Santa Claus has supply chain issues. While demand for in-person visits is increasing, Santa Claus entertainers are less available.
Mitch Allen, founder of HireSanta.com, a booking website, estimates that the number of Santa Claus entertainers is down 15 percent this year. Factors include deaths due to COVID-related illnesses, taking leave due to pandemic concerns and aging or retiring.
Visiting Santa last year felt risky for many families. This year, it looks like parents and kids can’t wait for her to return.
In 2020, the industry saw a spike in customers for virtual Santa visits via scheduled video calls. That has changed this year, and may weigh on the number of saints available.
According to data from the hiring company ZipRecruiter, the average Santa entertainer makes about $50,000 a year. Mall Santas can earn anywhere from $12 to $75 per hour. Video call visits run about $40 an hour. A home visit can range from $150 to $225 per hour.
“Most people want to have a personal visit this year, as opposed to virtual tours last year,” Allen said. “Instead of physical barriers this year, most retail customers are using social distancing.”
Every year we lose something, because getting old and fat is not really a healthy lifestyle.
Seattle-area Santa illustration artist Jim Beadle, 62, said he personally knew about half a dozen Santa and Mrs. Claus artists who passed away from complications related to COVID. “It’s the saddest thing. Every year we lose something, because getting old and fat isn’t really a healthy lifestyle,” Beadle said.
Other Saints said they were looking for a return to the old-fashioned Santa experience, with no acrylic barrier and no touching Santa’s outstretched hand while he was inside an inflatable plastic snow-globe. .
“The demand for a masked Santa has grown tremendously, and I am still following the rule of ‘whichever is more restrictive of us, we go with that policy.’ To protect my future customers It has its no-touch policy, but I miss raising kids a lot,” said David Lewis, 70, a Santa illustration artist from Dallas.
“As a baby boomer, I never expected anything that I could do would end up in short supply, so that’s cool,” he said. “But kids are still kids, they still come in packages of one, and Santa is still happy to see them.”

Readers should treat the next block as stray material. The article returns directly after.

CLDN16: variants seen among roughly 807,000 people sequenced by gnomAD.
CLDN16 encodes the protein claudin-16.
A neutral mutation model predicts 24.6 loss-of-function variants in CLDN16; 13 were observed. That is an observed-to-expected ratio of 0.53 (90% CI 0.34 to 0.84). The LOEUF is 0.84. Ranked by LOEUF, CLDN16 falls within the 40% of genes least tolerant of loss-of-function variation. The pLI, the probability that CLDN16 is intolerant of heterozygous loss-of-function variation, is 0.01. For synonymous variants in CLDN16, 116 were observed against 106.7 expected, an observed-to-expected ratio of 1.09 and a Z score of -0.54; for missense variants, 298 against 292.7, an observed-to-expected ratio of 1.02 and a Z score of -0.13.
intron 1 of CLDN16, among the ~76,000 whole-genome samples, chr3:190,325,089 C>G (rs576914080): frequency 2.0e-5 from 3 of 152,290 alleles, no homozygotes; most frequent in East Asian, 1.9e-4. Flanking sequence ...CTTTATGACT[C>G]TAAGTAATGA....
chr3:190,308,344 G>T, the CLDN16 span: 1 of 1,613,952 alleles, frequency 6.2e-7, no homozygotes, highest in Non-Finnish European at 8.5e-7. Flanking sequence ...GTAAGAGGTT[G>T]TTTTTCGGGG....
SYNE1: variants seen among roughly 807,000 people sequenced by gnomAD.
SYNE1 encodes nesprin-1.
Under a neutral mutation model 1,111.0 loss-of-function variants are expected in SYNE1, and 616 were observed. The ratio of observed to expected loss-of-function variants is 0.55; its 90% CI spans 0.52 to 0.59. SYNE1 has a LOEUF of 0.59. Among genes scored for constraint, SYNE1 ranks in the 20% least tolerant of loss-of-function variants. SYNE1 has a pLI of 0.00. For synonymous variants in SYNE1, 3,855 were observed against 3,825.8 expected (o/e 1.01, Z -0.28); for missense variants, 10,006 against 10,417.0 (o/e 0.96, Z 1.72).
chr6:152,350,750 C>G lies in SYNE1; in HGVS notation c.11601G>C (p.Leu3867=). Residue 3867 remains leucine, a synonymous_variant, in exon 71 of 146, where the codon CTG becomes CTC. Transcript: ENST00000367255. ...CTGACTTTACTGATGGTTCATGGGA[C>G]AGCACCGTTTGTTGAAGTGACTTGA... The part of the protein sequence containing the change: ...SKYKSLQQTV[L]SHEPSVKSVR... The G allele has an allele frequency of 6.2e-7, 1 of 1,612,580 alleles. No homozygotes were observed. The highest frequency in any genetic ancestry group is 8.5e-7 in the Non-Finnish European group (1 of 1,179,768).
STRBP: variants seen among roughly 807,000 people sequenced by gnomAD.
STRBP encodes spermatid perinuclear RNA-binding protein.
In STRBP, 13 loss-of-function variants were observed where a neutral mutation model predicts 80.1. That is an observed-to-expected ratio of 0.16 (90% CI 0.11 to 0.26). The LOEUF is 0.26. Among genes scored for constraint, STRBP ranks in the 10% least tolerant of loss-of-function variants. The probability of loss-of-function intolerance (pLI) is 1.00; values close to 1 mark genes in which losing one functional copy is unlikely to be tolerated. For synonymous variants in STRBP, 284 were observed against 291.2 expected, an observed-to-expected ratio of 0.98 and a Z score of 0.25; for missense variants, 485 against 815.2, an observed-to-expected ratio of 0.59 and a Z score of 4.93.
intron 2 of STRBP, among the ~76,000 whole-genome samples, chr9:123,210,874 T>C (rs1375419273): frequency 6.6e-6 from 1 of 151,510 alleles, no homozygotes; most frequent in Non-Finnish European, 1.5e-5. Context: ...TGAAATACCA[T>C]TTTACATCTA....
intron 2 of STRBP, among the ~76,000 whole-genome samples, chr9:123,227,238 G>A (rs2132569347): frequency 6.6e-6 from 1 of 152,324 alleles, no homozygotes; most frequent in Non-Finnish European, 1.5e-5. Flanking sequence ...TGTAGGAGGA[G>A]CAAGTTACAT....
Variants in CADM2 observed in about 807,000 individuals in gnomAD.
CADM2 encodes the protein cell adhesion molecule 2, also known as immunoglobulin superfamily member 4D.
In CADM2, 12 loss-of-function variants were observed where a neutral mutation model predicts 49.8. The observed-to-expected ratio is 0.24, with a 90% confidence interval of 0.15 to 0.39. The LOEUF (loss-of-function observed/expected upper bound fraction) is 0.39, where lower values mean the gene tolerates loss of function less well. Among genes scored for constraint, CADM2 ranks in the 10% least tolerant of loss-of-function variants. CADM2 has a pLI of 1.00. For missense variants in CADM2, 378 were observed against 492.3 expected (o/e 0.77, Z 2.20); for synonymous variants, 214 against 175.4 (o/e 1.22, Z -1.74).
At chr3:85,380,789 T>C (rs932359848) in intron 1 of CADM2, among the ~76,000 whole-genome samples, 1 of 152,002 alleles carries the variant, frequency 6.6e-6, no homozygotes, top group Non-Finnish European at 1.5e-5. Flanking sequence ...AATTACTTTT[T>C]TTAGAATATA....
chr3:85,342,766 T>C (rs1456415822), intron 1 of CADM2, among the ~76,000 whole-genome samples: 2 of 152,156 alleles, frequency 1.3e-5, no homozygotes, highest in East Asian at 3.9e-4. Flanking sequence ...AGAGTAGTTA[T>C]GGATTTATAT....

Howard Santa Claus School in Midland, Michigan, founded in 1937, also saw enrollment this year. For generations, Santa has enrolled annually to brush up on his “ho ho hos.”
“The demand is high,” the school’s dean Tom Valiant told Granthshala News. “People want Santa, they want to go back to normalcy, they want what Santa means, they want back to their family.”
People want Santa, they want to go back to normalcy, they want what Santa is.
This year, over 200 students gathered to learn how to make memories for kids this holiday season. Students pay $580 for an individual, or $1,100 for a Mr. and Mrs. Claus couple, to participate in a three-day experience at the “Harvard of Santa Schools”.
Training includes travel on a fully functioning single-gauge train and practical training in a wooden toy making workshop.
“It’s about letting them understand what it’s like at the North Pole, what it’s like in this packed little factory with hammers,” Vaillant said.
This experience is a game changer for professional sages. They include it on their resumes, a major recognition so they can stand out from other Santas for coveted mall gigs and private parties.
“I graduate from Santa School,” said Kenneth DeBelius, aka “Real Santa Ken,” a Santa entertainer who has performed at Walt Disney World. “I use the credential on my website whenever I do an artist resume. I lead with it.”
Lessons include how to navigate social media, a key way for the modern Santa illustration artist to promote business and build brand recognition. There’s a lot to juggle. But with joy and enthusiasm, these saints brainstorm and share ideas about how to deal with the more difficult stuff kids ask—like parental separation, or a serious illness.
“So there are a lot of elements that you have to be prepared for,” Debelius said. He said that he would carry a small book with him and write down the name of the child who has a special request or question and offer to pray or wish them well when he goes to sleep at night.
The Saints still involved in the game this year say the pressures of the pandemic have made their role more important.
“Connecting with people and making great memories becomes even more important as the pandemic cycle continues. With all kinds of bad news vying for our attention, it’s important to focus on happiness as we wind our way into winter,” Beadle said.
“As Santa, it’s great to be that messenger who says to you, ‘You did great this year. Have fun this season. Live your happiness!'” he said.
Credit: www.nbcnews.com /